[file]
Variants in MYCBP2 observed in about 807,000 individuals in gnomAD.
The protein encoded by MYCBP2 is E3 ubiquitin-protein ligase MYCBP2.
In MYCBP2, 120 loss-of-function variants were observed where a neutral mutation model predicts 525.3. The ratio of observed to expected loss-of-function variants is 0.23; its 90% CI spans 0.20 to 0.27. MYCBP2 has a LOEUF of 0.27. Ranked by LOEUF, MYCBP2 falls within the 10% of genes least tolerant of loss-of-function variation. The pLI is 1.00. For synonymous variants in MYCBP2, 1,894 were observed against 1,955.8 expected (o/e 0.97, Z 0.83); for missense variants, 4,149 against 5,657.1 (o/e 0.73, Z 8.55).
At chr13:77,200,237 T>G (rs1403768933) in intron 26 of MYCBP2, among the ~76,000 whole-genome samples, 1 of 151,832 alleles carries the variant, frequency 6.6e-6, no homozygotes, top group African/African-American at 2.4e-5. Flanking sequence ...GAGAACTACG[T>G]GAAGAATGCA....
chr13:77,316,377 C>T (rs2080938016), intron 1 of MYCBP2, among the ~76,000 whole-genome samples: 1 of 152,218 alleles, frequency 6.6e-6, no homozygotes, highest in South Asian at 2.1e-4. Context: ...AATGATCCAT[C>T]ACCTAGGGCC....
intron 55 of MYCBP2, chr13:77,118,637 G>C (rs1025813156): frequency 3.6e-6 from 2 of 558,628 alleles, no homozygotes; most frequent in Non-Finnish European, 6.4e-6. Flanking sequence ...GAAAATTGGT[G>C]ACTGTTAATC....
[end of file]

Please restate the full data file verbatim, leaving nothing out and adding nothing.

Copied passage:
Variants in MYCBP2 observed in about 807,000 individuals in gnomAD.
The protein encoded by MYCBP2 is E3 ubiquitin-protein ligase MYCBP2.
In MYCBP2, 120 loss-of-function variants were observed where a neutral mutation model predicts 525.3. The ratio of observed to expected loss-of-function variants is 0.23; its 90% CI spans 0.20 to 0.27. MYCBP2 has a LOEUF of 0.27. Ranked by LOEUF, MYCBP2 falls within the 10% of genes least tolerant of loss-of-function variation. The pLI is 1.00. For synonymous variants in MYCBP2, 1,894 were observed against 1,955.8 expected (o/e 0.97, Z 0.83); for missense variants, 4,149 against 5,657.1 (o/e 0.73, Z 8.55).
At chr13:77,200,237 T>G (rs1403768933) in intron 26 of MYCBP2, among the ~76,000 whole-genome samples, 1 of 151,832 alleles carries the variant, frequency 6.6e-6, no homozygotes, top group African/African-American at 2.4e-5. Flanking sequence ...GAGAACTACG[T>G]GAAGAATGCA....
chr13:77,316,377 C>T (rs2080938016), intron 1 of MYCBP2, among the ~76,000 whole-genome samples: 1 of 152,218 alleles, frequency 6.6e-6, no homozygotes, highest in South Asian at 2.1e-4. Context: ...AATGATCCAT[C>T]ACCTAGGGCC....
intron 55 of MYCBP2, chr13:77,118,637 G>C (rs1025813156): frequency 3.6e-6 from 2 of 558,628 alleles, no homozygotes; most frequent in Non-Finnish European, 6.4e-6. Flanking sequence ...GAAAATTGGT[G>C]ACTGTTAATC....